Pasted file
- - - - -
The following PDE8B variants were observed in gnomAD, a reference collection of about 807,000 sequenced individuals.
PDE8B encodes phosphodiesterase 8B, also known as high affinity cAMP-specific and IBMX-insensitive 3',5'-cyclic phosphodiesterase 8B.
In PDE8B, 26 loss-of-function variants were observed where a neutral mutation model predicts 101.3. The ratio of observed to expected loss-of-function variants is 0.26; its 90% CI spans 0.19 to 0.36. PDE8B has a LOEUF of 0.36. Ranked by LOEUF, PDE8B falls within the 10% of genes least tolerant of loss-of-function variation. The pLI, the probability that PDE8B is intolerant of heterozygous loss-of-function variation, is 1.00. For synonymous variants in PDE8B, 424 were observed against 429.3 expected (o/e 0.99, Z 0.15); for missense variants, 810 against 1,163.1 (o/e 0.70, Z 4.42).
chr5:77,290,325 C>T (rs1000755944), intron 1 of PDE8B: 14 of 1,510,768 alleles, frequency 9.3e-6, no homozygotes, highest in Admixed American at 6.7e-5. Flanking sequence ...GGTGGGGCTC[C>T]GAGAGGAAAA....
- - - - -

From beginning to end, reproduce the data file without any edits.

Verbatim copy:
The following PDE8B variants were observed in gnomAD, a reference collection of about 807,000 sequenced individuals.
PDE8B encodes phosphodiesterase 8B, also known as high affinity cAMP-specific and IBMX-insensitive 3',5'-cyclic phosphodiesterase 8B.
In PDE8B, 26 loss-of-function variants were observed where a neutral mutation model predicts 101.3. The ratio of observed to expected loss-of-function variants is 0.26; its 90% CI spans 0.19 to 0.36. PDE8B has a LOEUF of 0.36. Ranked by LOEUF, PDE8B falls within the 10% of genes least tolerant of loss-of-function variation. The pLI, the probability that PDE8B is intolerant of heterozygous loss-of-function variation, is 1.00. For synonymous variants in PDE8B, 424 were observed against 429.3 expected (o/e 0.99, Z 0.15); for missense variants, 810 against 1,163.1 (o/e 0.70, Z 4.42).
chr5:77,290,325 C>T (rs1000755944), intron 1 of PDE8B: 14 of 1,510,768 alleles, frequency 9.3e-6, no homozygotes, highest in Admixed American at 6.7e-5. Flanking sequence ...GGTGGGGCTC[C>T]GAGAGGAAAA....